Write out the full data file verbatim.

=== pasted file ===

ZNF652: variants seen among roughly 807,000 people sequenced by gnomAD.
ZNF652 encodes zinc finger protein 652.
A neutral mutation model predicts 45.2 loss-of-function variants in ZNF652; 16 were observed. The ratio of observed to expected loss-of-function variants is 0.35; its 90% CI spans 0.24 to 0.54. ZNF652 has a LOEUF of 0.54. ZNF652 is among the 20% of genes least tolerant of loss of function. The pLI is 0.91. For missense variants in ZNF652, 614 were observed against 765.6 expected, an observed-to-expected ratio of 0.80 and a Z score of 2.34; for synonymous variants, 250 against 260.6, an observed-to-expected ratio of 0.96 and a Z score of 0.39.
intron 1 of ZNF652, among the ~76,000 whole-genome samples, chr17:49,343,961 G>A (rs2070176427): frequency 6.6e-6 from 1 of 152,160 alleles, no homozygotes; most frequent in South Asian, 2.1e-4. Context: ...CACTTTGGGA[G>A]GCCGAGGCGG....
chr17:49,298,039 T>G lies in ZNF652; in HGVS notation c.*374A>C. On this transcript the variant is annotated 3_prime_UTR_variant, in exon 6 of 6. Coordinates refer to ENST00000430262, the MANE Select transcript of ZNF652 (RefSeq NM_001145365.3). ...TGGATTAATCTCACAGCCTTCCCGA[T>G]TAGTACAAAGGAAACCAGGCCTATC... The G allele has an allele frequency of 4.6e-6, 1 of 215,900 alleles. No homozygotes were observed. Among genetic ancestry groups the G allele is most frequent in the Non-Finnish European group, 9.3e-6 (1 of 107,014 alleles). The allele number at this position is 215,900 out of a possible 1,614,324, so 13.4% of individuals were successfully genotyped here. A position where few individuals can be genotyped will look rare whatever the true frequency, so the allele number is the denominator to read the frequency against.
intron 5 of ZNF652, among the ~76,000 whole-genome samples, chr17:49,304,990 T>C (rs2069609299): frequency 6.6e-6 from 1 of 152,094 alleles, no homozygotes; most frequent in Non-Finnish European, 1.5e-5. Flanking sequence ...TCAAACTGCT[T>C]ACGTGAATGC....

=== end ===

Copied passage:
ZNF652: variants seen among roughly 807,000 people sequenced by gnomAD.
ZNF652 encodes zinc finger protein 652.
A neutral mutation model predicts 45.2 loss-of-function variants in ZNF652; 16 were observed. The ratio of observed to expected loss-of-function variants is 0.35; its 90% CI spans 0.24 to 0.54. ZNF652 has a LOEUF of 0.54. ZNF652 is among the 20% of genes least tolerant of loss of function. The pLI is 0.91. For missense variants in ZNF652, 614 were observed against 765.6 expected, an observed-to-expected ratio of 0.80 and a Z score of 2.34; for synonymous variants, 250 against 260.6, an observed-to-expected ratio of 0.96 and a Z score of 0.39.
intron 1 of ZNF652, among the ~76,000 whole-genome samples, chr17:49,343,961 G>A (rs2070176427): frequency 6.6e-6 from 1 of 152,160 alleles, no homozygotes; most frequent in South Asian, 2.1e-4. Context: ...CACTTTGGGA[G>A]GCCGAGGCGG....
chr17:49,298,039 T>G lies in ZNF652; in HGVS notation c.*374A>C. On this transcript the variant is annotated 3_prime_UTR_variant, in exon 6 of 6. Coordinates refer to ENST00000430262, the MANE Select transcript of ZNF652 (RefSeq NM_001145365.3). ...TGGATTAATCTCACAGCCTTCCCGA[T>G]TAGTACAAAGGAAACCAGGCCTATC... The G allele has an allele frequency of 4.6e-6, 1 of 215,900 alleles. No homozygotes were observed. Among genetic ancestry groups the G allele is most frequent in the Non-Finnish European group, 9.3e-6 (1 of 107,014 alleles). The allele number at this position is 215,900 out of a possible 1,614,324, so 13.4% of individuals were successfully genotyped here. A position where few individuals can be genotyped will look rare whatever the true frequency, so the allele number is the denominator to read the frequency against.
intron 5 of ZNF652, among the ~76,000 whole-genome samples, chr17:49,304,990 T>C (rs2069609299): frequency 6.6e-6 from 1 of 152,094 alleles, no homozygotes; most frequent in Non-Finnish European, 1.5e-5. Flanking sequence ...TCAAACTGCT[T>C]ACGTGAATGC....